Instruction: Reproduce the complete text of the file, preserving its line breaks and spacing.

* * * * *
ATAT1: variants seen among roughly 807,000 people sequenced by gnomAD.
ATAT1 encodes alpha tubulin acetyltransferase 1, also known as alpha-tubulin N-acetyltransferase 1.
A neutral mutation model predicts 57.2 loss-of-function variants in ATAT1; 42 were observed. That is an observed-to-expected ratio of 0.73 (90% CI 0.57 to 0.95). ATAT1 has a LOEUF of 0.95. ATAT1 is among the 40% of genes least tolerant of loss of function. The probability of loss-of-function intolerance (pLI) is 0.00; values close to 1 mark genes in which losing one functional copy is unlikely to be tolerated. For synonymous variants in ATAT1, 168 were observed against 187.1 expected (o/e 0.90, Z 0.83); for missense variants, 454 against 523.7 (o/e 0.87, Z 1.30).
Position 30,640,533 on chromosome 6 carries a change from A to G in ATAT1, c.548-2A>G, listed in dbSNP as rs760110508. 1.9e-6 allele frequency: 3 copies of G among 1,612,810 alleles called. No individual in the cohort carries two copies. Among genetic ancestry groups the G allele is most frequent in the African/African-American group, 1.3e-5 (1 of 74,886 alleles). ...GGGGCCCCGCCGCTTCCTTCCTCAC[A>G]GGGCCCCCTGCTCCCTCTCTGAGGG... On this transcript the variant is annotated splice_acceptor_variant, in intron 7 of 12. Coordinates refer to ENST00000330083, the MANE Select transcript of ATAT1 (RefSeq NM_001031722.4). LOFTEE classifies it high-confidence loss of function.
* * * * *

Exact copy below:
ATAT1: variants seen among roughly 807,000 people sequenced by gnomAD.
ATAT1 encodes alpha tubulin acetyltransferase 1, also known as alpha-tubulin N-acetyltransferase 1.
A neutral mutation model predicts 57.2 loss-of-function variants in ATAT1; 42 were observed. That is an observed-to-expected ratio of 0.73 (90% CI 0.57 to 0.95). ATAT1 has a LOEUF of 0.95. ATAT1 is among the 40% of genes least tolerant of loss of function. The probability of loss-of-function intolerance (pLI) is 0.00; values close to 1 mark genes in which losing one functional copy is unlikely to be tolerated. For synonymous variants in ATAT1, 168 were observed against 187.1 expected (o/e 0.90, Z 0.83); for missense variants, 454 against 523.7 (o/e 0.87, Z 1.30).
Position 30,640,533 on chromosome 6 carries a change from A to G in ATAT1, c.548-2A>G, listed in dbSNP as rs760110508. 1.9e-6 allele frequency: 3 copies of G among 1,612,810 alleles called. No individual in the cohort carries two copies. Among genetic ancestry groups the G allele is most frequent in the African/African-American group, 1.3e-5 (1 of 74,886 alleles). ...GGGGCCCCGCCGCTTCCTTCCTCAC[A>G]GGGCCCCCTGCTCCCTCTCTGAGGG... On this transcript the variant is annotated splice_acceptor_variant, in intron 7 of 12. Coordinates refer to ENST00000330083, the MANE Select transcript of ATAT1 (RefSeq NM_001031722.4). LOFTEE classifies it high-confidence loss of function.